The move towards a more "Steely Dan" style of jazz/rock fusion really fits this incarnation of Supertramp quite well, and it would seem that the band was feeling more like themselves again, and the more forward use of improvised trumpets and saxes only adds to the enjoyment of the album. This really works on the track "Tenth Avenue Breakdown", a track that nears the 10 minute mark. This song brings together the peppy and bouncy rhythm of drums and keyboards and the hooks of the brass, especially in the last half of the track, and this brings about memories of "Child of Vision" from "Breakfast in America" when the long instrumental section starts, and then even adds in a guitar solo. "A Sting in the Tail" goes for a blues style and brings back the haunting harmonica that we've heard used before in more popular Supertramp tracks. The sexy sax and trumpet solo is the perfect instrumental break for this track.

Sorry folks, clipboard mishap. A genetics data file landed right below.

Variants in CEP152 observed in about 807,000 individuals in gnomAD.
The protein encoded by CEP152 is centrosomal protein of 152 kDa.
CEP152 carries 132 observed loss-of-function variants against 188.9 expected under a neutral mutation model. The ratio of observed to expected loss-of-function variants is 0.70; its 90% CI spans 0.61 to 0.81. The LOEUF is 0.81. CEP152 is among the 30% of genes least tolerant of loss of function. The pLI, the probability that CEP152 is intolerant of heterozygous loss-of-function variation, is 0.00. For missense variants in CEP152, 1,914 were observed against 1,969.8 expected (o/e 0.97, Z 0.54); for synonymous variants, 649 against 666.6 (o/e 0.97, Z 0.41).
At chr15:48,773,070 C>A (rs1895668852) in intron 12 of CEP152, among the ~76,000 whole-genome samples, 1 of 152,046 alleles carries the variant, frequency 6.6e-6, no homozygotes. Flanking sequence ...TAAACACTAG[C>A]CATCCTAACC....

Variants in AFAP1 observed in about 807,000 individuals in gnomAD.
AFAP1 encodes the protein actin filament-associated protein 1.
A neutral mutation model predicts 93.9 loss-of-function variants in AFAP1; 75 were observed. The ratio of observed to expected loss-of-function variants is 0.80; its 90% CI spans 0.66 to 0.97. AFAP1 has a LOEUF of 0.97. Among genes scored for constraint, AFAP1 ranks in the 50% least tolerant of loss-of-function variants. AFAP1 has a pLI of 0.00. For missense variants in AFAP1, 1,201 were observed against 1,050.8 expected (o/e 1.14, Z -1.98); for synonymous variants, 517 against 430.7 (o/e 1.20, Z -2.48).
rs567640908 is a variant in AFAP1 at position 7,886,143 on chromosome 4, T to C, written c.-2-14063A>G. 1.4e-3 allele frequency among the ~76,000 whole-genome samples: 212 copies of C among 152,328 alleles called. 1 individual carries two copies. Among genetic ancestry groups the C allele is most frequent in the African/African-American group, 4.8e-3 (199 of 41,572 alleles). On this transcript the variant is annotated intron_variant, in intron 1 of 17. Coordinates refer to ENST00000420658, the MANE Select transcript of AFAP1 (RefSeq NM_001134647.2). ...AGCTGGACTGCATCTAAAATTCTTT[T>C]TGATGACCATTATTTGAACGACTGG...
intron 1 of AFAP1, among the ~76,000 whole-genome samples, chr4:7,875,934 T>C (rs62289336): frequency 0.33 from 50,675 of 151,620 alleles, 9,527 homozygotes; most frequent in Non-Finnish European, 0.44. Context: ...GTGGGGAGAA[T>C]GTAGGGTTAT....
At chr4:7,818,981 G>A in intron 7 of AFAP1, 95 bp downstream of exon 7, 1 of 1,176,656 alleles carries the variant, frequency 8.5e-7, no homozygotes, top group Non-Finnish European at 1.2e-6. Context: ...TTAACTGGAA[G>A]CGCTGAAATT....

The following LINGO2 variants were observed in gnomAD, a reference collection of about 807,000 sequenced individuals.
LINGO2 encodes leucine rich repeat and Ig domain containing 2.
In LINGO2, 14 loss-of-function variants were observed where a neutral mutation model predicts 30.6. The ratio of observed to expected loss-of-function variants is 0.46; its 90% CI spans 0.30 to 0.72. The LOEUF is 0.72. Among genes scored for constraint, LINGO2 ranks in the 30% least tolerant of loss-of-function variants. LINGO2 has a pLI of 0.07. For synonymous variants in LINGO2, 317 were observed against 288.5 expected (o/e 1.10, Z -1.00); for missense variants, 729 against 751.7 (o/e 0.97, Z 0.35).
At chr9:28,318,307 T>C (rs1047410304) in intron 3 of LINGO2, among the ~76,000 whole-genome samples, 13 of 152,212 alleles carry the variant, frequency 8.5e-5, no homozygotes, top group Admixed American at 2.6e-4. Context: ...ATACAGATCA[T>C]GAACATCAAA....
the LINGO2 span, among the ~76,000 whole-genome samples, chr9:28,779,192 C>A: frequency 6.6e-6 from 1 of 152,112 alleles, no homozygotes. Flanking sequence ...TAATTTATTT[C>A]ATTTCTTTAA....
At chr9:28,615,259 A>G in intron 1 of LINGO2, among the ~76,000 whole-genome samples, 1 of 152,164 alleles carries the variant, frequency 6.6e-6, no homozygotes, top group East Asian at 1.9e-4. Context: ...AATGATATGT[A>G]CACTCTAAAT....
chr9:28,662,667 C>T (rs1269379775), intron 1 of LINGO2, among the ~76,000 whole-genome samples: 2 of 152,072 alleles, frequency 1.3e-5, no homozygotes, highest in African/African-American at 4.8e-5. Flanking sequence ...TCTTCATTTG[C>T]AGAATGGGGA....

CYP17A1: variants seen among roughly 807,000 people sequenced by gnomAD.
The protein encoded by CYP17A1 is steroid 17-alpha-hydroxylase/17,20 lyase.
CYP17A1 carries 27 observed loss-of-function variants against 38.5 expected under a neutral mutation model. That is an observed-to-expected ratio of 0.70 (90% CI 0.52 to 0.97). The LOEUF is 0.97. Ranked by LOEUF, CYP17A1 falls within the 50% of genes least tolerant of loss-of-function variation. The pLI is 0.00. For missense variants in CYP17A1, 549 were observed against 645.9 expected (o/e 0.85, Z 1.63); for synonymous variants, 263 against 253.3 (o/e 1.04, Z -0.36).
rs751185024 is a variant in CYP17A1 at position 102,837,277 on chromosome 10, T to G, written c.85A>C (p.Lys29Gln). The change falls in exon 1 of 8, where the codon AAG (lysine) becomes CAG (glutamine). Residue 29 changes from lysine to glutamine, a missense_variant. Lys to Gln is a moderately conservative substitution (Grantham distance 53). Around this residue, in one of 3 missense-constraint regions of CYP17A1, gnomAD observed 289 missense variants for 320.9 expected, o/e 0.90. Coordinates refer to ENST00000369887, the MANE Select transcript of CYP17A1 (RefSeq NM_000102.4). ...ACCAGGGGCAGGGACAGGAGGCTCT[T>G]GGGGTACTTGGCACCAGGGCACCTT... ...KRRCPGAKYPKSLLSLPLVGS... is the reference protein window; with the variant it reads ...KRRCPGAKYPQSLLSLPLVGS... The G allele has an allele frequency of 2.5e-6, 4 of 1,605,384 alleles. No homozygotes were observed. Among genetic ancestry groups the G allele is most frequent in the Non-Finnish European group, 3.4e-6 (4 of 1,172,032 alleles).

They even include an older song on this album from way back before "Crime of the Century" that never got put on an album, that track is "Goldrush" which was used to open their concerts before CotC was released. The last track "Dead Man Blues" is another highlight for the album, with a bit more guitar added in than what we are used to in the classic Supertramp sound, and the track again has the slow bluesy, yet catchy style that really works well on this album.